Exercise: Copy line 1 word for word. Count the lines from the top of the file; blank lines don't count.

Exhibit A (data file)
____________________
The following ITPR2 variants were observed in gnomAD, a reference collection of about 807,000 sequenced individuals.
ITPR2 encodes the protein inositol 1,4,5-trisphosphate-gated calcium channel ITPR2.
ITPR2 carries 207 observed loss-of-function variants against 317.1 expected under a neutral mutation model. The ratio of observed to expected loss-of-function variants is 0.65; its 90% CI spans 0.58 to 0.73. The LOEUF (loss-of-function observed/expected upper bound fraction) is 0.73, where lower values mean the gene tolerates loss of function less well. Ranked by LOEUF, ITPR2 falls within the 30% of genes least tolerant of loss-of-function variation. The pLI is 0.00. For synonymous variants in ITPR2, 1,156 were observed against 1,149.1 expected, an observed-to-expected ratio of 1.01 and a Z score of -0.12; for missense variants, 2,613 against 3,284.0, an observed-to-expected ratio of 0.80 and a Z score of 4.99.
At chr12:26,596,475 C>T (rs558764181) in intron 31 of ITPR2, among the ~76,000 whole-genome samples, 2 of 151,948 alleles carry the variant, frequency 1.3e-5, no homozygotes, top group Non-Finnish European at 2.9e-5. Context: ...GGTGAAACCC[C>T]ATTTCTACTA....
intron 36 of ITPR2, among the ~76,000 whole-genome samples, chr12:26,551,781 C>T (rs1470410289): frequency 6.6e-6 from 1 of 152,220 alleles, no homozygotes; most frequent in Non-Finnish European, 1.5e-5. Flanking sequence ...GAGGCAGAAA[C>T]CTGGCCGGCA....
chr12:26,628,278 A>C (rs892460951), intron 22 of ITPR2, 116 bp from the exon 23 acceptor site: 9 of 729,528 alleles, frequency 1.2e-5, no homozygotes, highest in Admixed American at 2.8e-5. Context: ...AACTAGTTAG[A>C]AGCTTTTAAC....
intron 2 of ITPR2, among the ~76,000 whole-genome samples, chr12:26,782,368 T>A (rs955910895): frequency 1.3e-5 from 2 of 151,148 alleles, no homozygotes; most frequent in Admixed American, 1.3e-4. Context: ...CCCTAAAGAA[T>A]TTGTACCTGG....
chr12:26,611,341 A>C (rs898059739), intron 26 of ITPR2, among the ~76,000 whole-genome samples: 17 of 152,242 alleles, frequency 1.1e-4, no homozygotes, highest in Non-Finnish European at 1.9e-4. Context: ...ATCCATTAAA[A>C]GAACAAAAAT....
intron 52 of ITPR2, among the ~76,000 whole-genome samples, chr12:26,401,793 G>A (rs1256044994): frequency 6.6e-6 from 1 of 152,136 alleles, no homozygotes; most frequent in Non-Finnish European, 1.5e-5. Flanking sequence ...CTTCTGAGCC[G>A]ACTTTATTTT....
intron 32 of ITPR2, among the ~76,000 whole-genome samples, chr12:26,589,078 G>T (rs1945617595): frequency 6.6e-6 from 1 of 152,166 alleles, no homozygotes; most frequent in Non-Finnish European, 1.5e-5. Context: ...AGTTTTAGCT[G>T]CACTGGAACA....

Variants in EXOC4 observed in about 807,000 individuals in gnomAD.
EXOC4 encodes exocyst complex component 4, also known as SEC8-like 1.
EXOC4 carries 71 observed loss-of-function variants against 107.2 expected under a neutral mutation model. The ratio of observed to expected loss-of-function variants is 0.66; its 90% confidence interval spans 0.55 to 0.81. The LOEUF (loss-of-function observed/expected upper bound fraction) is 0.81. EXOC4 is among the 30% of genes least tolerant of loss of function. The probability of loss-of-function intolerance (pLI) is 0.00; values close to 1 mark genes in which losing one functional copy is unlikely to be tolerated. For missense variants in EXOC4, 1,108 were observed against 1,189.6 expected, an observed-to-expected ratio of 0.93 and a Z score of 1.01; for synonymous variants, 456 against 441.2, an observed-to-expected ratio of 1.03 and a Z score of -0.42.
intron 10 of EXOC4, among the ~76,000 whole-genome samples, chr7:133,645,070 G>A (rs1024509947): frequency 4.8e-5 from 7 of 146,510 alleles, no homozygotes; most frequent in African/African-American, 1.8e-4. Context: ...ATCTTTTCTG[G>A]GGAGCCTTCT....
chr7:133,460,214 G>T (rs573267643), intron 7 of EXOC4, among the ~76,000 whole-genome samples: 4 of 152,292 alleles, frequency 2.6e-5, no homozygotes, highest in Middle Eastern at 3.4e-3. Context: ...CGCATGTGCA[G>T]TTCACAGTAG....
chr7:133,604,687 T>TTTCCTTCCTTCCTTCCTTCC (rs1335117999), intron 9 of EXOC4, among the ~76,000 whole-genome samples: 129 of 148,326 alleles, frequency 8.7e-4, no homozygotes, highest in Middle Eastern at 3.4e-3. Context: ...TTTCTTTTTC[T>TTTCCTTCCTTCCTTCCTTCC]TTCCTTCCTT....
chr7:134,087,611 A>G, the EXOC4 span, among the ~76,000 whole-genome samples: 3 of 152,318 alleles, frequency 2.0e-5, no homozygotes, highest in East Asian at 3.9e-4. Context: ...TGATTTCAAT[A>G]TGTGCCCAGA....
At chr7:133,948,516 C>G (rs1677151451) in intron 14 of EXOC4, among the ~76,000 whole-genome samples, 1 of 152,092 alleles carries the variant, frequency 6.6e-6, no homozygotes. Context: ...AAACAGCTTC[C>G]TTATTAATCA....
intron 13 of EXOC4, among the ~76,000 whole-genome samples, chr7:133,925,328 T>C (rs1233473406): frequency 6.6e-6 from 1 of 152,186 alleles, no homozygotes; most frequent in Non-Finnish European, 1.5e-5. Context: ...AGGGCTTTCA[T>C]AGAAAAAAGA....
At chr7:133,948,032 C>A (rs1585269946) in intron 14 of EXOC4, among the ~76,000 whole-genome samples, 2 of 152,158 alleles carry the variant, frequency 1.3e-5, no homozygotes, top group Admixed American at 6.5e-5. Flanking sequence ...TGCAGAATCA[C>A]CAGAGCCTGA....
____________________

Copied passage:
The following ITPR2 variants were observed in gnomAD, a reference collection of about 807,000 sequenced individuals.